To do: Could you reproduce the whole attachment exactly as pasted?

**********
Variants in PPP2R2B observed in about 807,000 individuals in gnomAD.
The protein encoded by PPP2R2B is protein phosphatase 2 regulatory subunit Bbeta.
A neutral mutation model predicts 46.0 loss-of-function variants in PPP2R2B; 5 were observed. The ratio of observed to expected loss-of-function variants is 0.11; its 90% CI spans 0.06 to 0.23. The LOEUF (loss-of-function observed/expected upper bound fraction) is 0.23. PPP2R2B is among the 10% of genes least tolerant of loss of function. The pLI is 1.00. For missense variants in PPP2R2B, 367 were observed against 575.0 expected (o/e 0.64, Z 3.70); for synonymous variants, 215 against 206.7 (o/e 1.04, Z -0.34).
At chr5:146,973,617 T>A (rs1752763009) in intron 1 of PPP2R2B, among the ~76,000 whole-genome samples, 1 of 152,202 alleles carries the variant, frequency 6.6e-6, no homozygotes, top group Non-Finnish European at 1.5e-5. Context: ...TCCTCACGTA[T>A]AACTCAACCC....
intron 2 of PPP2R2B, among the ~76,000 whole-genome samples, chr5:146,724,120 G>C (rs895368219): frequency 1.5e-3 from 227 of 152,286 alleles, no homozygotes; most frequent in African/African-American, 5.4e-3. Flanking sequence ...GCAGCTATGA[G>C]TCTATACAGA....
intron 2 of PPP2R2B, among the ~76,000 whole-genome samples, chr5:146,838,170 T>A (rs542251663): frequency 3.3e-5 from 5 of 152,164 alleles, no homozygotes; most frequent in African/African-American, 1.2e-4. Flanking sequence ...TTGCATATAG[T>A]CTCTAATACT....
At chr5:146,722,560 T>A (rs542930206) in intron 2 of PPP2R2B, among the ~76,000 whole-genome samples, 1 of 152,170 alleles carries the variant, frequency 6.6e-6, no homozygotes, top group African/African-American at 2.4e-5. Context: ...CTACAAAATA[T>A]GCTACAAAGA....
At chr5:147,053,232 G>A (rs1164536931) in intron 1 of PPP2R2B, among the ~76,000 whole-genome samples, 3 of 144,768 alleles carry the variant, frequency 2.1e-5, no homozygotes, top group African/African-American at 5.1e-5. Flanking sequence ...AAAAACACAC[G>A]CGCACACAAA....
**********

Variants in PPP2R2B observed in about 807,000 individuals in gnomAD.
The protein encoded by PPP2R2B is protein phosphatase 2 regulatory subunit Bbeta.
A neutral mutation model predicts 46.0 loss-of-function variants in PPP2R2B; 5 were observed. The ratio of observed to expected loss-of-function variants is 0.11; its 90% CI spans 0.06 to 0.23. The LOEUF (loss-of-function observed/expected upper bound fraction) is 0.23. PPP2R2B is among the 10% of genes least tolerant of loss of function. The pLI is 1.00. For missense variants in PPP2R2B, 367 were observed against 575.0 expected (o/e 0.64, Z 3.70); for synonymous variants, 215 against 206.7 (o/e 1.04, Z -0.34).
At chr5:146,973,617 T>A (rs1752763009) in intron 1 of PPP2R2B, among the ~76,000 whole-genome samples, 1 of 152,202 alleles carries the variant, frequency 6.6e-6, no homozygotes, top group Non-Finnish European at 1.5e-5. Context: ...TCCTCACGTA[T>A]AACTCAACCC....
intron 2 of PPP2R2B, among the ~76,000 whole-genome samples, chr5:146,724,120 G>C (rs895368219): frequency 1.5e-3 from 227 of 152,286 alleles, no homozygotes; most frequent in African/African-American, 5.4e-3. Flanking sequence ...GCAGCTATGA[G>C]TCTATACAGA....
intron 2 of PPP2R2B, among the ~76,000 whole-genome samples, chr5:146,838,170 T>A (rs542251663): frequency 3.3e-5 from 5 of 152,164 alleles, no homozygotes; most frequent in African/African-American, 1.2e-4. Flanking sequence ...TTGCATATAG[T>A]CTCTAATACT....
At chr5:146,722,560 T>A (rs542930206) in intron 2 of PPP2R2B, among the ~76,000 whole-genome samples, 1 of 152,170 alleles carries the variant, frequency 6.6e-6, no homozygotes, top group African/African-American at 2.4e-5. Context: ...CTACAAAATA[T>A]GCTACAAAGA....
At chr5:147,053,232 G>A (rs1164536931) in intron 1 of PPP2R2B, among the ~76,000 whole-genome samples, 3 of 144,768 alleles carry the variant, frequency 2.1e-5, no homozygotes, top group African/African-American at 5.1e-5. Flanking sequence ...AAAAACACAC[G>A]CGCACACAAA....